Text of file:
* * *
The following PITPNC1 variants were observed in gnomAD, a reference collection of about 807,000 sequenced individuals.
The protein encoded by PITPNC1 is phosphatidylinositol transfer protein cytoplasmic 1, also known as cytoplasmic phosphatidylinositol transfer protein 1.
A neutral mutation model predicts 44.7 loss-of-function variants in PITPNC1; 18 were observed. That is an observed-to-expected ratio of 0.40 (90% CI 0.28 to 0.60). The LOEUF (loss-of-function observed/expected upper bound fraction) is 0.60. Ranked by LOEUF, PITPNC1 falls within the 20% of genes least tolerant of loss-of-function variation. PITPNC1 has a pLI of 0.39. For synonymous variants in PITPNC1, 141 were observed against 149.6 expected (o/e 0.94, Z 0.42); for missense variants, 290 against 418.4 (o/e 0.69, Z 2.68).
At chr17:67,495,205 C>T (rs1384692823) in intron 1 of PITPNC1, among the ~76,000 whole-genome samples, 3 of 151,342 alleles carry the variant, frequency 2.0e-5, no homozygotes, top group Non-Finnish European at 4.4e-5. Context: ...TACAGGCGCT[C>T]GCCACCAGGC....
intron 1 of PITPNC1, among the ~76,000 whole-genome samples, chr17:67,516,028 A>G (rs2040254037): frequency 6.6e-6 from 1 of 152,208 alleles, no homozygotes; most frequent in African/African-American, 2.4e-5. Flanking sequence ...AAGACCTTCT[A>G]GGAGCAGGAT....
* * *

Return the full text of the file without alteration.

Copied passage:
The following PITPNC1 variants were observed in gnomAD, a reference collection of about 807,000 sequenced individuals.
The protein encoded by PITPNC1 is phosphatidylinositol transfer protein cytoplasmic 1, also known as cytoplasmic phosphatidylinositol transfer protein 1.
A neutral mutation model predicts 44.7 loss-of-function variants in PITPNC1; 18 were observed. That is an observed-to-expected ratio of 0.40 (90% CI 0.28 to 0.60). The LOEUF (loss-of-function observed/expected upper bound fraction) is 0.60. Ranked by LOEUF, PITPNC1 falls within the 20% of genes least tolerant of loss-of-function variation. PITPNC1 has a pLI of 0.39. For synonymous variants in PITPNC1, 141 were observed against 149.6 expected (o/e 0.94, Z 0.42); for missense variants, 290 against 418.4 (o/e 0.69, Z 2.68).
At chr17:67,495,205 C>T (rs1384692823) in intron 1 of PITPNC1, among the ~76,000 whole-genome samples, 3 of 151,342 alleles carry the variant, frequency 2.0e-5, no homozygotes, top group Non-Finnish European at 4.4e-5. Context: ...TACAGGCGCT[C>T]GCCACCAGGC....
intron 1 of PITPNC1, among the ~76,000 whole-genome samples, chr17:67,516,028 A>G (rs2040254037): frequency 6.6e-6 from 1 of 152,208 alleles, no homozygotes; most frequent in African/African-American, 2.4e-5. Flanking sequence ...AAGACCTTCT[A>G]GGAGCAGGAT....